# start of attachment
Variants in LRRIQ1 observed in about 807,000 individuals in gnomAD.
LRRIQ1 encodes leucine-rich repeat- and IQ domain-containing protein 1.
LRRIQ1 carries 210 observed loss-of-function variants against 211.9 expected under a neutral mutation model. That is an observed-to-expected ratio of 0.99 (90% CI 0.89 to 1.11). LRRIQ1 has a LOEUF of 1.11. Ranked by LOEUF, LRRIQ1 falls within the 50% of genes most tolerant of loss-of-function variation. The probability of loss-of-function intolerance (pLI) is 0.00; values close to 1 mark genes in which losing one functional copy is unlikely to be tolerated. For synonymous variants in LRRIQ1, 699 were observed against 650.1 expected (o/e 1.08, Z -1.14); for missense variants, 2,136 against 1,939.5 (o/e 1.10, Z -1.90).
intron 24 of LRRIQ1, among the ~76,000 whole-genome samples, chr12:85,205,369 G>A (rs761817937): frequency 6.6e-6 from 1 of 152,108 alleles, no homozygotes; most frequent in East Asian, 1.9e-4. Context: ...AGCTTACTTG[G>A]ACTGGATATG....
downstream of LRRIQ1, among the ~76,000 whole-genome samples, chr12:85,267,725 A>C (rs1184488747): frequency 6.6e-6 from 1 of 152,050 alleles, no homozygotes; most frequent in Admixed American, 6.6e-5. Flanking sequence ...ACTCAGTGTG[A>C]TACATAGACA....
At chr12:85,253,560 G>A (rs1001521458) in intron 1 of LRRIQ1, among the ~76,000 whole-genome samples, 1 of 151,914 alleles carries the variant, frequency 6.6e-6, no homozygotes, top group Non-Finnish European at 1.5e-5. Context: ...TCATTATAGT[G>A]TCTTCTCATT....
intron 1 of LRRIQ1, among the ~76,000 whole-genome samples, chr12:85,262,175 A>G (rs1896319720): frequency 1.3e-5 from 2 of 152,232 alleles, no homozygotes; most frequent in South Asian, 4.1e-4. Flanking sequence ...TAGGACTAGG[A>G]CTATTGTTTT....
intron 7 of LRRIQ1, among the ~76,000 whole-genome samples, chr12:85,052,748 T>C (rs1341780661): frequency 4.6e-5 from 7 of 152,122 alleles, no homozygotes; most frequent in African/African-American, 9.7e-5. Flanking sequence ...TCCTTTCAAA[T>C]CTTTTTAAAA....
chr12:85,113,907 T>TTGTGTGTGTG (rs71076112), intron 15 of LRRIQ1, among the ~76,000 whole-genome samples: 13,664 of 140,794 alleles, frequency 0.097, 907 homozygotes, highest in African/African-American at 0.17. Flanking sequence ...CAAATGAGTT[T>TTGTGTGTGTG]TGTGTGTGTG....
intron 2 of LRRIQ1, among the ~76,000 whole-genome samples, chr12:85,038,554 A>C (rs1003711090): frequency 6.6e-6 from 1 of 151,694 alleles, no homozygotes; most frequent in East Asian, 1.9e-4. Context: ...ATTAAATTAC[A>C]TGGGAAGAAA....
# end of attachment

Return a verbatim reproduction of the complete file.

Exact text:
Variants in LRRIQ1 observed in about 807,000 individuals in gnomAD.
LRRIQ1 encodes leucine-rich repeat- and IQ domain-containing protein 1.
LRRIQ1 carries 210 observed loss-of-function variants against 211.9 expected under a neutral mutation model. That is an observed-to-expected ratio of 0.99 (90% CI 0.89 to 1.11). LRRIQ1 has a LOEUF of 1.11. Ranked by LOEUF, LRRIQ1 falls within the 50% of genes most tolerant of loss-of-function variation. The probability of loss-of-function intolerance (pLI) is 0.00; values close to 1 mark genes in which losing one functional copy is unlikely to be tolerated. For synonymous variants in LRRIQ1, 699 were observed against 650.1 expected (o/e 1.08, Z -1.14); for missense variants, 2,136 against 1,939.5 (o/e 1.10, Z -1.90).
intron 24 of LRRIQ1, among the ~76,000 whole-genome samples, chr12:85,205,369 G>A (rs761817937): frequency 6.6e-6 from 1 of 152,108 alleles, no homozygotes; most frequent in East Asian, 1.9e-4. Context: ...AGCTTACTTG[G>A]ACTGGATATG....
downstream of LRRIQ1, among the ~76,000 whole-genome samples, chr12:85,267,725 A>C (rs1184488747): frequency 6.6e-6 from 1 of 152,050 alleles, no homozygotes; most frequent in Admixed American, 6.6e-5. Flanking sequence ...ACTCAGTGTG[A>C]TACATAGACA....
At chr12:85,253,560 G>A (rs1001521458) in intron 1 of LRRIQ1, among the ~76,000 whole-genome samples, 1 of 151,914 alleles carries the variant, frequency 6.6e-6, no homozygotes, top group Non-Finnish European at 1.5e-5. Context: ...TCATTATAGT[G>A]TCTTCTCATT....
intron 1 of LRRIQ1, among the ~76,000 whole-genome samples, chr12:85,262,175 A>G (rs1896319720): frequency 1.3e-5 from 2 of 152,232 alleles, no homozygotes; most frequent in South Asian, 4.1e-4. Flanking sequence ...TAGGACTAGG[A>G]CTATTGTTTT....
intron 7 of LRRIQ1, among the ~76,000 whole-genome samples, chr12:85,052,748 T>C (rs1341780661): frequency 4.6e-5 from 7 of 152,122 alleles, no homozygotes; most frequent in African/African-American, 9.7e-5. Flanking sequence ...TCCTTTCAAA[T>C]CTTTTTAAAA....
chr12:85,113,907 T>TTGTGTGTGTG (rs71076112), intron 15 of LRRIQ1, among the ~76,000 whole-genome samples: 13,664 of 140,794 alleles, frequency 0.097, 907 homozygotes, highest in African/African-American at 0.17. Flanking sequence ...CAAATGAGTT[T>TTGTGTGTGTG]TGTGTGTGTG....
intron 2 of LRRIQ1, among the ~76,000 whole-genome samples, chr12:85,038,554 A>C (rs1003711090): frequency 6.6e-6 from 1 of 151,694 alleles, no homozygotes; most frequent in East Asian, 1.9e-4. Context: ...ATTAAATTAC[A>C]TGGGAAGAAA....